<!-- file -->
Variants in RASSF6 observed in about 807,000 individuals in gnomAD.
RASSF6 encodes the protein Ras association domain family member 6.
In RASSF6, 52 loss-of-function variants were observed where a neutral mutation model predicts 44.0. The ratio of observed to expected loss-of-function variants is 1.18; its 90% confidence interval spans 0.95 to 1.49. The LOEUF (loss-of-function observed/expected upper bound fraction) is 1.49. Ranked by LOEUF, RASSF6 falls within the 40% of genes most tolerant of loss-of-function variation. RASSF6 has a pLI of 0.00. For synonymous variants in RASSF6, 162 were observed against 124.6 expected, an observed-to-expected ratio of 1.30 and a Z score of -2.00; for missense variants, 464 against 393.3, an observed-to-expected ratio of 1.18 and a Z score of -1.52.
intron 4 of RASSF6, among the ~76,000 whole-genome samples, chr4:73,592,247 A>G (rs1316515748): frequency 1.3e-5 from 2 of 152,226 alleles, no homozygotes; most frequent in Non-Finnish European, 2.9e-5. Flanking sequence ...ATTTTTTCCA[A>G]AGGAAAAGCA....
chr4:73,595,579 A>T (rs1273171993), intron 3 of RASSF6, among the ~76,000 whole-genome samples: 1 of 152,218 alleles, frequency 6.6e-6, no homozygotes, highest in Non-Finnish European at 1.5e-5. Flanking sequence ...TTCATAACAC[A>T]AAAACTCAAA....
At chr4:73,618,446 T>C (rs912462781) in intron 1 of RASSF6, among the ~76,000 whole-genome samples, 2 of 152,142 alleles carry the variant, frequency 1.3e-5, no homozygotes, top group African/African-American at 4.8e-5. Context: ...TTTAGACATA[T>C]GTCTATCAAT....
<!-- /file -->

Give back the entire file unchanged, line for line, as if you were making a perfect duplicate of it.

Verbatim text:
Variants in RASSF6 observed in about 807,000 individuals in gnomAD.
RASSF6 encodes the protein Ras association domain family member 6.
In RASSF6, 52 loss-of-function variants were observed where a neutral mutation model predicts 44.0. The ratio of observed to expected loss-of-function variants is 1.18; its 90% confidence interval spans 0.95 to 1.49. The LOEUF (loss-of-function observed/expected upper bound fraction) is 1.49. Ranked by LOEUF, RASSF6 falls within the 40% of genes most tolerant of loss-of-function variation. RASSF6 has a pLI of 0.00. For synonymous variants in RASSF6, 162 were observed against 124.6 expected, an observed-to-expected ratio of 1.30 and a Z score of -2.00; for missense variants, 464 against 393.3, an observed-to-expected ratio of 1.18 and a Z score of -1.52.
intron 4 of RASSF6, among the ~76,000 whole-genome samples, chr4:73,592,247 A>G (rs1316515748): frequency 1.3e-5 from 2 of 152,226 alleles, no homozygotes; most frequent in Non-Finnish European, 2.9e-5. Flanking sequence ...ATTTTTTCCA[A>G]AGGAAAAGCA....
chr4:73,595,579 A>T (rs1273171993), intron 3 of RASSF6, among the ~76,000 whole-genome samples: 1 of 152,218 alleles, frequency 6.6e-6, no homozygotes, highest in Non-Finnish European at 1.5e-5. Flanking sequence ...TTCATAACAC[A>T]AAAACTCAAA....
At chr4:73,618,446 T>C (rs912462781) in intron 1 of RASSF6, among the ~76,000 whole-genome samples, 2 of 152,142 alleles carry the variant, frequency 1.3e-5, no homozygotes, top group African/African-American at 4.8e-5. Context: ...TTTAGACATA[T>C]GTCTATCAAT....